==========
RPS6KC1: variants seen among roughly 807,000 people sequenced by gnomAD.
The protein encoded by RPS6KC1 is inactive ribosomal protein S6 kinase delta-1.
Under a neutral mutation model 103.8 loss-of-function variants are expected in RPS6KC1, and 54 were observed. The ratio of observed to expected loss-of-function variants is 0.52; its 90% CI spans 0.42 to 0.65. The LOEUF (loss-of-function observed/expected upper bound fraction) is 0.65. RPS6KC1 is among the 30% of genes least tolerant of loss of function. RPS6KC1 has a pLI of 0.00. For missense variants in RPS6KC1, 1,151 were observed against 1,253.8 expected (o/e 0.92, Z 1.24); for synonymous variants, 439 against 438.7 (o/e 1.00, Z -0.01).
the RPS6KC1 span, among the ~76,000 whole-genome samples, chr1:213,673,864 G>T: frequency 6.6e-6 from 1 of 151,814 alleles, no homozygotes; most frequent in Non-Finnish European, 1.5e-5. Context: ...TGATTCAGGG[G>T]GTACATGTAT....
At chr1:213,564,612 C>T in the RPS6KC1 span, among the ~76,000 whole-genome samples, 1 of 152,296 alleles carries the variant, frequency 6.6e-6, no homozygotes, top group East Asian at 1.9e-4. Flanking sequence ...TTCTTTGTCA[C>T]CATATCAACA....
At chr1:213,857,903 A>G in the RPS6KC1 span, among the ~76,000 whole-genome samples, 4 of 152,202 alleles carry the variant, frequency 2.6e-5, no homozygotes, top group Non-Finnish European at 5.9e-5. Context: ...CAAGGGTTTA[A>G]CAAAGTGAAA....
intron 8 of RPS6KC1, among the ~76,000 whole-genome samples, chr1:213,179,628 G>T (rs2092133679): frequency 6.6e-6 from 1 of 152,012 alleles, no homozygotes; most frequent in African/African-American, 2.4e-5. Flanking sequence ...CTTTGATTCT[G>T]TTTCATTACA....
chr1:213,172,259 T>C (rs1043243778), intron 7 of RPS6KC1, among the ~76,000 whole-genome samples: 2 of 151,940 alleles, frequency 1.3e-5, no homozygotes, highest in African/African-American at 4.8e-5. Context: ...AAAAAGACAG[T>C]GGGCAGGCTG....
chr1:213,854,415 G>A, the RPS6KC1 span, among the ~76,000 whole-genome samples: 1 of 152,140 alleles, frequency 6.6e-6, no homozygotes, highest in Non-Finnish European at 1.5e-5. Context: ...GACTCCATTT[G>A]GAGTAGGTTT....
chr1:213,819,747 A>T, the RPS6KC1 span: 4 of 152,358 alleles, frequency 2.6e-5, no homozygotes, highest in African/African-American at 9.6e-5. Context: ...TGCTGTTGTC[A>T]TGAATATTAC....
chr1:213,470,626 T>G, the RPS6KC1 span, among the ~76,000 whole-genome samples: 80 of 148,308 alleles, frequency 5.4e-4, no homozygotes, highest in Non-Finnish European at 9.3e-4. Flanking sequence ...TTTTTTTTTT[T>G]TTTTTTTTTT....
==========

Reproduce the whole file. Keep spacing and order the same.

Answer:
RPS6KC1: variants seen among roughly 807,000 people sequenced by gnomAD.
The protein encoded by RPS6KC1 is inactive ribosomal protein S6 kinase delta-1.
Under a neutral mutation model 103.8 loss-of-function variants are expected in RPS6KC1, and 54 were observed. The ratio of observed to expected loss-of-function variants is 0.52; its 90% CI spans 0.42 to 0.65. The LOEUF (loss-of-function observed/expected upper bound fraction) is 0.65. RPS6KC1 is among the 30% of genes least tolerant of loss of function. RPS6KC1 has a pLI of 0.00. For missense variants in RPS6KC1, 1,151 were observed against 1,253.8 expected (o/e 0.92, Z 1.24); for synonymous variants, 439 against 438.7 (o/e 1.00, Z -0.01).
the RPS6KC1 span, among the ~76,000 whole-genome samples, chr1:213,673,864 G>T: frequency 6.6e-6 from 1 of 151,814 alleles, no homozygotes; most frequent in Non-Finnish European, 1.5e-5. Context: ...TGATTCAGGG[G>T]GTACATGTAT....
At chr1:213,564,612 C>T in the RPS6KC1 span, among the ~76,000 whole-genome samples, 1 of 152,296 alleles carries the variant, frequency 6.6e-6, no homozygotes, top group East Asian at 1.9e-4. Flanking sequence ...TTCTTTGTCA[C>T]CATATCAACA....
At chr1:213,857,903 A>G in the RPS6KC1 span, among the ~76,000 whole-genome samples, 4 of 152,202 alleles carry the variant, frequency 2.6e-5, no homozygotes, top group Non-Finnish European at 5.9e-5. Context: ...CAAGGGTTTA[A>G]CAAAGTGAAA....
intron 8 of RPS6KC1, among the ~76,000 whole-genome samples, chr1:213,179,628 G>T (rs2092133679): frequency 6.6e-6 from 1 of 152,012 alleles, no homozygotes; most frequent in African/African-American, 2.4e-5. Flanking sequence ...CTTTGATTCT[G>T]TTTCATTACA....
chr1:213,172,259 T>C (rs1043243778), intron 7 of RPS6KC1, among the ~76,000 whole-genome samples: 2 of 151,940 alleles, frequency 1.3e-5, no homozygotes, highest in African/African-American at 4.8e-5. Context: ...AAAAAGACAG[T>C]GGGCAGGCTG....
chr1:213,854,415 G>A, the RPS6KC1 span, among the ~76,000 whole-genome samples: 1 of 152,140 alleles, frequency 6.6e-6, no homozygotes, highest in Non-Finnish European at 1.5e-5. Context: ...GACTCCATTT[G>A]GAGTAGGTTT....
chr1:213,819,747 A>T, the RPS6KC1 span: 4 of 152,358 alleles, frequency 2.6e-5, no homozygotes, highest in African/African-American at 9.6e-5. Context: ...TGCTGTTGTC[A>T]TGAATATTAC....
chr1:213,470,626 T>G, the RPS6KC1 span, among the ~76,000 whole-genome samples: 80 of 148,308 alleles, frequency 5.4e-4, no homozygotes, highest in Non-Finnish European at 9.3e-4. Flanking sequence ...TTTTTTTTTT[T>G]TTTTTTTTTT....